Michael Barone

As Washington insiders pore over the latest low job-approval ratings for George W. Bush, and as aficionados of British politics ponder the latest low ratings of Tony Blair, let's take a longer look at the political ebb and flow in America and Britain over the last quarter century or so. There is a certain parallelism.

In the late 1970s, both countries experienced something like collapse -- a collapse of the Keynesian economics dominant in the post-World War II years, a collapse of the accommodationist foreign policy prevailing since the setback in Vietnam.

From that collapse arose two improbable leaders on the political right: Margaret Thatcher and Ronald Reagan. By conventional standards, they were unacceptable: Thatcher was a woman, Reagan a septuagenarian -- and both were too far to the right. Their policies were attacked as hardhearted and reckless. But they worked. Economic growth resumed, Britain triumphed in the Falklands, and America prevailed in the Cold War. Thatcher lasted 11 years in office, Reagan eight -- both were followed by lukewarm but clearly right successors, John Major for seven years and George H.W. Bush for four.

The policy and political success of the parties of the right in time produced a center-left response from the opposition. Bill Clinton in America and Tony Blair in Britain largely accepted the Reagan and Thatcher policies and promised modifications at the margins. A successful formula: Clinton won in 1992 and 1996, and served eight years; Blair won in 1997, 2001 and 2005, and has now been in office more than nine years.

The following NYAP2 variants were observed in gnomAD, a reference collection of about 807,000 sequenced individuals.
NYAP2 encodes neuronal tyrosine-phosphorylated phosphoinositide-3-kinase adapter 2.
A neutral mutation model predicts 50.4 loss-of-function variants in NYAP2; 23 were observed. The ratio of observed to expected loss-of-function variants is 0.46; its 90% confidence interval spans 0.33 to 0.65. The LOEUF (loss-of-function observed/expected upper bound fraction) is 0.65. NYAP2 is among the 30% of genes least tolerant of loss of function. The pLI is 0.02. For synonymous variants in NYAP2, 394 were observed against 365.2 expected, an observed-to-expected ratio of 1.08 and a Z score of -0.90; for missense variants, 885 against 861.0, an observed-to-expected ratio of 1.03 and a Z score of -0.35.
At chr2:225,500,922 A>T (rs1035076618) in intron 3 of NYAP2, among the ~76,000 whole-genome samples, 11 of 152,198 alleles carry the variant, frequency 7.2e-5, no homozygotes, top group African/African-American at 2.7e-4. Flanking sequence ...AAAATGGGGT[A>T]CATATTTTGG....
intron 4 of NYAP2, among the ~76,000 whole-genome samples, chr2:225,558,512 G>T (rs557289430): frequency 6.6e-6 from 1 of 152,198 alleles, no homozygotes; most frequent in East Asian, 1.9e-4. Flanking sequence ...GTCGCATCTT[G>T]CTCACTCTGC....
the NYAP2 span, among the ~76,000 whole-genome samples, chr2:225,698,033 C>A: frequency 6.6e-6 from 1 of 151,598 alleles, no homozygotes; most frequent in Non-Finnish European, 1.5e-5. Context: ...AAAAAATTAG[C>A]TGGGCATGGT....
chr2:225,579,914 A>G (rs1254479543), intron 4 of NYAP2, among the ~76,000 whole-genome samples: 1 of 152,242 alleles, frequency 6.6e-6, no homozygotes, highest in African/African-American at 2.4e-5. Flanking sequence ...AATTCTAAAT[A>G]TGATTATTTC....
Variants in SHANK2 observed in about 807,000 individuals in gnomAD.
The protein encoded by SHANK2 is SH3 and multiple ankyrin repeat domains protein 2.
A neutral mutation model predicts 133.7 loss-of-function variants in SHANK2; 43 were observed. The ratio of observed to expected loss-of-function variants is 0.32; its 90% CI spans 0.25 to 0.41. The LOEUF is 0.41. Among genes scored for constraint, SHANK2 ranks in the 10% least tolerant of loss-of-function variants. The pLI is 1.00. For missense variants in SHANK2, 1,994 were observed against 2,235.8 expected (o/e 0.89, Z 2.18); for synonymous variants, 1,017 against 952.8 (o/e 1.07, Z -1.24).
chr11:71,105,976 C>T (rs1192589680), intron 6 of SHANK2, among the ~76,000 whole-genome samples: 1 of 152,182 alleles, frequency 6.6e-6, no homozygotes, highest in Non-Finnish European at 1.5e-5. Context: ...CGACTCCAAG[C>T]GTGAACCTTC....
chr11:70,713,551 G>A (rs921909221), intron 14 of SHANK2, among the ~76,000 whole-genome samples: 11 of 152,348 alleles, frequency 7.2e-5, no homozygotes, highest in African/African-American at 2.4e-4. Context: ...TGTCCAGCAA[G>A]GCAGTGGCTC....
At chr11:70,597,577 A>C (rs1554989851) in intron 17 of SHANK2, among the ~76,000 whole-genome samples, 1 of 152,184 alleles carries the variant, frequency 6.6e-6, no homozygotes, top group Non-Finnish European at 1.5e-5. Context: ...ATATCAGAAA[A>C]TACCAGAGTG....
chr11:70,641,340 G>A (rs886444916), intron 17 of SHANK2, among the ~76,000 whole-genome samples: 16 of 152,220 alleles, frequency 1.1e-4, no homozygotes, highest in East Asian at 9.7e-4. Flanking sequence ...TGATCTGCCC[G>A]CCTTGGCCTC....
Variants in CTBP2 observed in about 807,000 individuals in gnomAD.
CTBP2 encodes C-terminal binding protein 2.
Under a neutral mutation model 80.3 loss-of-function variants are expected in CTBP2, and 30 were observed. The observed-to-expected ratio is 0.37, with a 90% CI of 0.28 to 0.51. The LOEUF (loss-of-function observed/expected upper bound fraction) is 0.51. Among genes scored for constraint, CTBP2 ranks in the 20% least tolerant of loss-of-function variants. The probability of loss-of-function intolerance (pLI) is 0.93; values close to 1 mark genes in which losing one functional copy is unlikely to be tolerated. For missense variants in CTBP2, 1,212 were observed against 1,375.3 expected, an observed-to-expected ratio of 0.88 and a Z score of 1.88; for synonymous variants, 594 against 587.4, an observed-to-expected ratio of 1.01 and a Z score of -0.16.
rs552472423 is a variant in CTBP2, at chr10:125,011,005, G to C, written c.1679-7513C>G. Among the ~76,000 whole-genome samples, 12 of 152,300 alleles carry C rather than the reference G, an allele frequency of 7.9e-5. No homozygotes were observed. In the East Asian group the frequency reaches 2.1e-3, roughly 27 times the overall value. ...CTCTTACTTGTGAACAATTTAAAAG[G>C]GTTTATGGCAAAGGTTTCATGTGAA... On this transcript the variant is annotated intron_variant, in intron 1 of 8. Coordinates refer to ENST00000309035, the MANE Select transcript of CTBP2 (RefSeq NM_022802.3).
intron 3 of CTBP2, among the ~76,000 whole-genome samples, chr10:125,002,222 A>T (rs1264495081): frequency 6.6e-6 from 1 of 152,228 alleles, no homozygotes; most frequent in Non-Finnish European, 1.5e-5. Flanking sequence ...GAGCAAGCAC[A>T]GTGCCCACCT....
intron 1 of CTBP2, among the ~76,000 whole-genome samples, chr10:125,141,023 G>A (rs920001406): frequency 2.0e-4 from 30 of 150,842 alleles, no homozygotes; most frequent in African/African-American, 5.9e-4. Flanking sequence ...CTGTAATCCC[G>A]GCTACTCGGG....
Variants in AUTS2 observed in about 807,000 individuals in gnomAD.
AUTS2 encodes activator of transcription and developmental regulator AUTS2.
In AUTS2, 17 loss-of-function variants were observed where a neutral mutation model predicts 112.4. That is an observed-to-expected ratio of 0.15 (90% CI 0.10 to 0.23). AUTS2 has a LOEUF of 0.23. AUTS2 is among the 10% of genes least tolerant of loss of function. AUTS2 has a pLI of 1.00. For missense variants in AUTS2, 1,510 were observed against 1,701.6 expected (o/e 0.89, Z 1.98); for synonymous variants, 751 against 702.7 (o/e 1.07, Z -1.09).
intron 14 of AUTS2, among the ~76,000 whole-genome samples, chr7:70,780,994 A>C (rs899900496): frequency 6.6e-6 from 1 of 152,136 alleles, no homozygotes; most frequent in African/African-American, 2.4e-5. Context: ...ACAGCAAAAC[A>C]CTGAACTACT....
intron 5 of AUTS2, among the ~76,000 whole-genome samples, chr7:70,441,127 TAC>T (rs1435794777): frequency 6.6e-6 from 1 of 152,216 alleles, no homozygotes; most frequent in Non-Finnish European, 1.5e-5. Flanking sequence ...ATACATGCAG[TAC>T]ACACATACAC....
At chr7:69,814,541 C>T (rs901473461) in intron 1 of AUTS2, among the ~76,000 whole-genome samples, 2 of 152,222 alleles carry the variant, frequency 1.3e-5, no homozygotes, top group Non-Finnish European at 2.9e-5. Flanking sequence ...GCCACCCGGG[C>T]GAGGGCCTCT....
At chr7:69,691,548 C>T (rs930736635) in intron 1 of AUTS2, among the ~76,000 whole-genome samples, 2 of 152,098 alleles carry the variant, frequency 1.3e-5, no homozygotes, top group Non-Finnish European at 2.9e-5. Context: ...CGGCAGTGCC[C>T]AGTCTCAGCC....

When you look back at all these leaders' job ratings in office, you find an interesting thing. The transformational Thatcher and Reagan had negative to neutral job ratings during most of their longer years in power. Thatcher's peaked upward after the Falklands victory; Reagan peaked from his re-election until the Iran-Contra scandal broke two years later. Their divisiveness, the stark alternative they presented with the policies and conventional wisdom of the past -- all these held down their job ratings.

In contrast, Blair and Clinton for most of their years in office had quite high job ratings. Blair's ratings for his first eight years were probably the highest in British history. Clinton, after he got over his lurch to the left in 1993-94, also enjoyed high job ratings, especially when he was threatened with impeachment. The center-left alternative, by accepting most of the Thatcher and Reagan programs, was relatively uncontroversial, determinedly consensus-minded, widely acceptable to the left, center-left and much of the center-right segments of the electorate.


Michael Barone

Michael Barone, senior political analyst for The Washington Examiner (www.washingtonexaminer.com), is a resident fellow at the American Enterprise Institute, a Fox News Channel contributor and a co-author of The Almanac of American Politics. To find out more about Michael Barone, and read features by other Creators Syndicate writers and cartoonists, visit the Creators Syndicate Web page at www.creators.com. COPYRIGHT 2011 THE WASHINGTON EXAMINER. DISTRIBUTED BY CREATORS.COM